It’s true that there has been a colossal amount of fee pressure and compression in the investing world over, say, the last 10 to 20 years. For example, active equity mutual funds charged an average of 1.08 percent in 1996, but a mere 0.82 percent by 2016, and equity index funds saw fees plunge from 0.27 percent to 0.09 percent over the same period.And of course, Fidelity upped the low-cost ante even further this year when they announced two no-fee index funds (Tickers: FZROX and FZILX), attracting more than $1 billion in their first month.
One of the investing groups to get the biggest full-court (fullest court?) fee press is hedge funds. In fact, a mid-September Institutional Investor article touted that hedge fund fees had fallen to record levels, with management fees near 1.43% and incentive fees hovering around 17%.(3) Of course, this massive “decline” assumes that hedge fund fees peaked, as often advertised, at 2% and 20%, which I have loudly and repeatedly asserted for years that they didn’t, based in no small part to research that I did in 2010.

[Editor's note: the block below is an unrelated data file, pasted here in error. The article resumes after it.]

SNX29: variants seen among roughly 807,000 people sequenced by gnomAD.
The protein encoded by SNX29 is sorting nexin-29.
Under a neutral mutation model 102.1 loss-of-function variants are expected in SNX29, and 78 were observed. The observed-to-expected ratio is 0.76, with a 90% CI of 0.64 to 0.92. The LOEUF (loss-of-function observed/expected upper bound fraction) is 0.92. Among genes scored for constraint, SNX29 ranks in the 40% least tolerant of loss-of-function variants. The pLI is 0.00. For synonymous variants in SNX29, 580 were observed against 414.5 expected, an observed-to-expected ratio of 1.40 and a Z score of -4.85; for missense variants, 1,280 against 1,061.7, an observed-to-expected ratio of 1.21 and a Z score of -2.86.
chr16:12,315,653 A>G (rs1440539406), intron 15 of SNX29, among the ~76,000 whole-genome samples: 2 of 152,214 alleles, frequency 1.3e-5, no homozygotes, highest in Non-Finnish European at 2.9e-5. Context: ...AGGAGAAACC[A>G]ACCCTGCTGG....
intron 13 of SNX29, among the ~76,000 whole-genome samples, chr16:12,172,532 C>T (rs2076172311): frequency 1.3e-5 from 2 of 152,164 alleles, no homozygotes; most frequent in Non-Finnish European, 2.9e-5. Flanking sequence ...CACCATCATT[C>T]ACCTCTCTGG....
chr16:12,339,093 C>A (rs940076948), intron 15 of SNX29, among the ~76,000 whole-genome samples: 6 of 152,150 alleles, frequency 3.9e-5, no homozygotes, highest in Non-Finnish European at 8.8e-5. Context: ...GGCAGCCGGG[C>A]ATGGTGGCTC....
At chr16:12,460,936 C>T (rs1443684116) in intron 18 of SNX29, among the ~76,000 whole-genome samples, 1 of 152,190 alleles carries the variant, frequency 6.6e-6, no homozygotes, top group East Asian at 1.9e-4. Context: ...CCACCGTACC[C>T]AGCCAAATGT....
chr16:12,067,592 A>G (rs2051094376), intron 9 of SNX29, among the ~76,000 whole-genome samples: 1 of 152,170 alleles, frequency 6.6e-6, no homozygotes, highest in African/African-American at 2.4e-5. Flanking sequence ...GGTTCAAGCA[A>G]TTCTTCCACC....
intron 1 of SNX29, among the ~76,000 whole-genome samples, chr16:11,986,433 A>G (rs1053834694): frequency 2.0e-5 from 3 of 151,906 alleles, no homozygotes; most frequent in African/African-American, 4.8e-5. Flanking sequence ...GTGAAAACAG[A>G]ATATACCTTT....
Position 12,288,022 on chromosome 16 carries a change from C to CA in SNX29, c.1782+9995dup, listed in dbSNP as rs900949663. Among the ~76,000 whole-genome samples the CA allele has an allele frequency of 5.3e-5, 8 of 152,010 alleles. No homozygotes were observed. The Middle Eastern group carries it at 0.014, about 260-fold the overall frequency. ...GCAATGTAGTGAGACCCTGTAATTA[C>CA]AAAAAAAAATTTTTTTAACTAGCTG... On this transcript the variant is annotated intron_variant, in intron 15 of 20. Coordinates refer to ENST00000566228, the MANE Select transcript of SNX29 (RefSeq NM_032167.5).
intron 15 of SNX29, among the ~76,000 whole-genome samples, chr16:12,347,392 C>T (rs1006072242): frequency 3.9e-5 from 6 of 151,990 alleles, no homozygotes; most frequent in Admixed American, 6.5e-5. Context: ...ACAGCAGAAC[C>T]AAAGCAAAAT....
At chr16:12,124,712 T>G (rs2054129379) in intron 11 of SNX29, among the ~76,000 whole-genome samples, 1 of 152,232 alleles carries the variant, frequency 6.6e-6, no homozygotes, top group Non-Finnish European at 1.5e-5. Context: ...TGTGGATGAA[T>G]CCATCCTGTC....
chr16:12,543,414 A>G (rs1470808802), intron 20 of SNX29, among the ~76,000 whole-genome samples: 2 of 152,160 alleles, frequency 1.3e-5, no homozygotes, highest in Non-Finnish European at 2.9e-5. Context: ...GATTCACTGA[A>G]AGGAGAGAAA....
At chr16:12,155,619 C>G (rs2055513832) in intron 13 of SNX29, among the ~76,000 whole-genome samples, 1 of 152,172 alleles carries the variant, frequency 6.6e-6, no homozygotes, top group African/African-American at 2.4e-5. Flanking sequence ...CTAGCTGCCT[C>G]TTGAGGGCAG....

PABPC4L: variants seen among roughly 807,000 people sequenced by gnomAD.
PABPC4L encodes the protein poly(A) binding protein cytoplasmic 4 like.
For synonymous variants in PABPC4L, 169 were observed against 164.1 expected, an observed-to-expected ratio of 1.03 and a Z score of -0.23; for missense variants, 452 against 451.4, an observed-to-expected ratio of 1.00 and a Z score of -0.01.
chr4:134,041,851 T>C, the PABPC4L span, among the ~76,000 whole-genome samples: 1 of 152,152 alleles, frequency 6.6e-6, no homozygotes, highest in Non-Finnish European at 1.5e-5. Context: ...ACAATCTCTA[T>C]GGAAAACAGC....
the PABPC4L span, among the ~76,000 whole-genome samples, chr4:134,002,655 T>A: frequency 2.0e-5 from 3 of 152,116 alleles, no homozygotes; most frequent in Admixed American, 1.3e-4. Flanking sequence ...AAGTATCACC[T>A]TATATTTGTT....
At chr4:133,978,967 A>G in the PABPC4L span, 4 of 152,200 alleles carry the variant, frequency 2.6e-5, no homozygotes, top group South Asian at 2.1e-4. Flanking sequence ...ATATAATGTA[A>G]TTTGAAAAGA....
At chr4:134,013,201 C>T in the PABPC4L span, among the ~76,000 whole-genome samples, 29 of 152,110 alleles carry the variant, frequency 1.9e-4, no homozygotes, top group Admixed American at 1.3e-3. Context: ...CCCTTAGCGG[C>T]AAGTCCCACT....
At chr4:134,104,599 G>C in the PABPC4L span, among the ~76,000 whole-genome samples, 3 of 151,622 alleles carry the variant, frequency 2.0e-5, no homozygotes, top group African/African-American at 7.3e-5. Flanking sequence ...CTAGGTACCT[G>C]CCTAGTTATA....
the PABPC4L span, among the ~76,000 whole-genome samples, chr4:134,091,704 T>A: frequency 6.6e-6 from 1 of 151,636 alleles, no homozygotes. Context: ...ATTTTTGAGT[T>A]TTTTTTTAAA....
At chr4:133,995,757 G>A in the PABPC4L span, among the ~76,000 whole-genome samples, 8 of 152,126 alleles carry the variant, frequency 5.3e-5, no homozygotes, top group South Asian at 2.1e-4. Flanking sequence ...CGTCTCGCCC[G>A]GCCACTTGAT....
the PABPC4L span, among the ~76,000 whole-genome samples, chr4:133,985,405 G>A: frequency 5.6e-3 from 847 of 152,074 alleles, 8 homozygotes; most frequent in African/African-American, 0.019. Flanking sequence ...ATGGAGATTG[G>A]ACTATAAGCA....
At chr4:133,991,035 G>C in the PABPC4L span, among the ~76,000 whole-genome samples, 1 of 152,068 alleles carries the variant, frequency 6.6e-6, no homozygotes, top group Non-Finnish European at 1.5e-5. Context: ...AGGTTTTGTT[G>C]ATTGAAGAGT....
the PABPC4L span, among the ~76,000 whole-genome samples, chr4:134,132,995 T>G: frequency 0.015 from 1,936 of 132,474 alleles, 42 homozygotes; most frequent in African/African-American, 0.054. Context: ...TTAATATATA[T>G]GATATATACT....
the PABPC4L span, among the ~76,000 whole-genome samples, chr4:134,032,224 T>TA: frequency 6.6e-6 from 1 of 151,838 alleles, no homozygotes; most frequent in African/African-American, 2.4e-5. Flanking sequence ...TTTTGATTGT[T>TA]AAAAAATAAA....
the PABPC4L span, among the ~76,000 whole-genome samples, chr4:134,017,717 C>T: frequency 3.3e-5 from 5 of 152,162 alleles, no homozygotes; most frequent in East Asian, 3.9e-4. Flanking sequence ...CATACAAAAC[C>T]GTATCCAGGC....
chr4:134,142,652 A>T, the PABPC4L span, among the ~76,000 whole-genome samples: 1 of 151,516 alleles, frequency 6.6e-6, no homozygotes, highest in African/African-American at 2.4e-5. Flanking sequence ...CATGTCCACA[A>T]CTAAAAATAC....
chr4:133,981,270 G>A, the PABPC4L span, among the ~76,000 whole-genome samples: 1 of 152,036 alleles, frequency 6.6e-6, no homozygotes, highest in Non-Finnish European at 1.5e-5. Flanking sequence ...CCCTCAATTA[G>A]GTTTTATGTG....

This research showed that, at the height of hedge funds’ popularity, and based on a sample of more than 8,000 funds, management fees for funds that launched in 2009 averaged 1.65%, up from 1.35% for 2000 vintage year funds. Likewise, incentive fees during the period were largely stable. They clocked in at 18.7% for vintage year 2000 funds and dropped to 18.5% for hedge funds launched in 2009. So, while there has been a decline in average headline fees (the fees charged per Offering Documents, not negotiated for large investors, longer-lockups or founders’ shares), it hasn’t been a dramatic as one may think.
But the bigger question that many have asked is “how low can fees go?” And that, much like my $30 sweater conundrum, is an excellent question.